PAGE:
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Pecatonica Without the “P”

Changes in farming practices have been shown to greatly reduce phosphorus runoff - without hurting the growers’ bottom line

Conservation experts and farmers alike are pretty pleased with the news from Pleasant Valley.

A seven-year pilot project in this 12,000-acre sub-watershed of the Pecatonica River showed that it’s possible to significantly cut phosphorus and sediment losses from agricultural land by zeroing in on problem areas.

Changing farming practices on selected fields on just 10 of the valley’s 61 farms reduced the amount of phosphorus entering the Pecatonica from Pleasant Valley during major storms by more than a third. Steps such as reducing tillage and planting crops that leave more residue to protect the soil caused estimated average annual losses of phosphorus and sediment entering the stream to drop by 4,400 pounds and 1,300 tons, respectively.

The project partners— UW scientists, public agencies, local farmers and The Nature Conservancy—began in 2006 by collecting baseline data on water quality in the Pecatonica below Pleasant Valley and below a nearby watershed that served as a control. From 2010 through 2012, conservationists worked with farmers to implement new practices. Data from 2013 showed that those efforts paid off.

“We can say with 90 percent confidence that this project made a real reduction in the phosphorus losses,” says CALS soil scientist Laura Ward Good. “Farmers who changed their management practices reduced their estimated phosphorus and sediment losses by about half.”

A key tool in the research was SnapPlus, software developed at CALS that estimates each field’s potential for phosphorus runoff under various management scenarios.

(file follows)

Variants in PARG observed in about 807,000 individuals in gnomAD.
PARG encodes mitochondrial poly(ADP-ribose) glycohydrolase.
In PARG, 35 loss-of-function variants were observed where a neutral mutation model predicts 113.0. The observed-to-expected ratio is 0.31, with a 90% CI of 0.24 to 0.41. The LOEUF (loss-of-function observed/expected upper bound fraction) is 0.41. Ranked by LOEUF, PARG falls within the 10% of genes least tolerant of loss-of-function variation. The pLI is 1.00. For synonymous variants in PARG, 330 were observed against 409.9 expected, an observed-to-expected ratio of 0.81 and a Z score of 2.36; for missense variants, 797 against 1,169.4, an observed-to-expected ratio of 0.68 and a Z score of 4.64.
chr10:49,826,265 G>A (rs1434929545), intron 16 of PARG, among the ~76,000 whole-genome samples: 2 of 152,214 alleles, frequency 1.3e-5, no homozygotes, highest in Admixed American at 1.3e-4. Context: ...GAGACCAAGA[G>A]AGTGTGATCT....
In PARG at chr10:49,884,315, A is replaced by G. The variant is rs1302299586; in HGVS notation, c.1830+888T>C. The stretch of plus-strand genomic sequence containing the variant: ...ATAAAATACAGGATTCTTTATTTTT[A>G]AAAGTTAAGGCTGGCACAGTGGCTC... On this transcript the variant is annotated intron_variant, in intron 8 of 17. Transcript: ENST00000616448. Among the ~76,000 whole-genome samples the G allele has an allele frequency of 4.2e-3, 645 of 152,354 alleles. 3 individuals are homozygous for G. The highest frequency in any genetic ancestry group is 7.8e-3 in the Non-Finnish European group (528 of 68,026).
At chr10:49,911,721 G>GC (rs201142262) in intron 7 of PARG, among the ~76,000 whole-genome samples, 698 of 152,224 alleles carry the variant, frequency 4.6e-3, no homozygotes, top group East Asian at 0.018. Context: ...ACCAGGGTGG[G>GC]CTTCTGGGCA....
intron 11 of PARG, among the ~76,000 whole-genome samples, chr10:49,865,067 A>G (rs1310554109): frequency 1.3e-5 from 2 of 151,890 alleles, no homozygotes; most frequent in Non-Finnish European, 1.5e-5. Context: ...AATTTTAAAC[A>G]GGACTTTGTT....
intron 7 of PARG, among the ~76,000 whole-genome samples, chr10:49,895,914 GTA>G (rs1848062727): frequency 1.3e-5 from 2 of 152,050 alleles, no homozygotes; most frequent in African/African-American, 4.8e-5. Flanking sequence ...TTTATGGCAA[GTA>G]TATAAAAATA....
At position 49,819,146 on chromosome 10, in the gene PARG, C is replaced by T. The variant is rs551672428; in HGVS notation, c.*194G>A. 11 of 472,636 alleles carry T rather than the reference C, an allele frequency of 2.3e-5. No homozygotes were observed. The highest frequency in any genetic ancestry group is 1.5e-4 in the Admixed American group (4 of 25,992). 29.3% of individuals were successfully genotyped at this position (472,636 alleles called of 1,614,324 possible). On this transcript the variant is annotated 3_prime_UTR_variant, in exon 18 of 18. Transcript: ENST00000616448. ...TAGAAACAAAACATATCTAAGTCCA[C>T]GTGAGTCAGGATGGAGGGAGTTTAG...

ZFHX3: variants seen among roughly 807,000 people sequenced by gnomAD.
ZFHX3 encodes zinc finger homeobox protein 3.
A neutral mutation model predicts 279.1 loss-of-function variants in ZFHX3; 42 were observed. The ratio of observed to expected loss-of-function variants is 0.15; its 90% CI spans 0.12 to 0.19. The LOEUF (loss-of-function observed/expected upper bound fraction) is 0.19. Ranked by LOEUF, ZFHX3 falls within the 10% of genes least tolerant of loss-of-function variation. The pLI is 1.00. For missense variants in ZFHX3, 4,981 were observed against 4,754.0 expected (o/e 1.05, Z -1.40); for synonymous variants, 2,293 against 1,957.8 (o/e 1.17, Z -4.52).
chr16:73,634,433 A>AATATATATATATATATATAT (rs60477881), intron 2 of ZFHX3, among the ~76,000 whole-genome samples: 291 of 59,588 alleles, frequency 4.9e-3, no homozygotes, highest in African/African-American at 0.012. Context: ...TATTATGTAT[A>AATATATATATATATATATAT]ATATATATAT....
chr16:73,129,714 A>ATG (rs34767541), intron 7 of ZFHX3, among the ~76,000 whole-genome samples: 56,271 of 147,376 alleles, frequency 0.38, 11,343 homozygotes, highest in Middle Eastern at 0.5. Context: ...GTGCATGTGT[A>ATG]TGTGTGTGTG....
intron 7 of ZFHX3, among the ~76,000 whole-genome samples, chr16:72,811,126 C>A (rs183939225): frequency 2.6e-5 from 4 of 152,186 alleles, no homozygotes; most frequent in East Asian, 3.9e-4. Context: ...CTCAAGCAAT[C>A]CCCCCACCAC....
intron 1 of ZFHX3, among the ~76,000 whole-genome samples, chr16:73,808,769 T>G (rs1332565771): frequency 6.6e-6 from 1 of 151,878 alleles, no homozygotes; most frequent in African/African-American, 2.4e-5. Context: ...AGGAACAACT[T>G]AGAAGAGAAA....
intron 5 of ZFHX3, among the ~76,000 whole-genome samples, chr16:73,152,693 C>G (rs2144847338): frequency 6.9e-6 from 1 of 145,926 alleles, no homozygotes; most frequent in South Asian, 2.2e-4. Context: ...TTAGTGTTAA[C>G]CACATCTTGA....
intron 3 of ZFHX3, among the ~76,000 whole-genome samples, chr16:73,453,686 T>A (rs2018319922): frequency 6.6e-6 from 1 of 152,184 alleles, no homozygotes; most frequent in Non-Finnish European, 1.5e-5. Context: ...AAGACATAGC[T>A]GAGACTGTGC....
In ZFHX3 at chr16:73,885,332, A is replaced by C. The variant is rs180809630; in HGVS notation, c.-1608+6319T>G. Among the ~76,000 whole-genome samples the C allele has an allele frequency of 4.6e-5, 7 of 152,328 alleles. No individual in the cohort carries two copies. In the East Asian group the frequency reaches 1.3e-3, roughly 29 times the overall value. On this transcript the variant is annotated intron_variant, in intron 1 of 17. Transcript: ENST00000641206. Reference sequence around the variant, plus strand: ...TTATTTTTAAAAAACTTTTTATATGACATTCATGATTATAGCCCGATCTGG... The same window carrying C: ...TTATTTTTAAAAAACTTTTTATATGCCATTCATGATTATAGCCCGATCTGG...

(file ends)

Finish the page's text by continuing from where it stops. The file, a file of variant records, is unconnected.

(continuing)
“In many cases the higherrisk areas were fields on steep slopes, where silage had been grown in consecutive years so there wasn’t much crop residue to hold the soil, and where soil phosphorus levels were high—possibly because past manure applications had supplied more phosphorus than crops required,” Good says.

Once they’d identified high-risk fields, team members worked with landowners to assess the likely impacts of switching practices on that land—not just on runoff, but also on yields, expenses, feed supplies and other factors that govern the success of the enterprise.

Results to date indicate that farmers can make the needed changes without reducing their bottom line if the practices are tailored to the needs of the farm and growers can proceed gradually.

“No tilling is very good for the environment, for example, and you can get high production,” points out UW–Extension specialist Jim Leverich, the project’s on-farm research coordinator. “But you have to pay close attention to the details. You don’t have as much latitude. You can’t make any mistakes.”

“The trick is to give farmers the time to adapt, to search among the best management practices to see how they fit into their systems. If they have time to utilize the practice on a small scale first, they’ll start to see the advantages and maybe start to use it on more acres,” Leverich says.


Soil Forensics:

Sediment is sediment to you and me, but not to Jasmeet Lamba PhD’14, who as a graduate student worked with professors Anita Thompson and K.G. Karthikeyan along with soil and water conservation engineer John Panuska (all in the Department of Biological Systems Engineering). Lamba was able to “fingerprint” sediment suspended in the stream and figure out where it came from. Lamba analyzed soil samples from throughout the Pleasant Valley watershed for naturally occurring metals and radioisotopes. Soil from different types of land—stream banks, woodlands and farm fields—has different concentrations of these telltale markers. By comparing those samples to others collected from the river, he determined that about 70 percent of the sediment exiting the Pleasant Valley watershed in the stream originated from farm fields, while about 30 percent came from stream banks.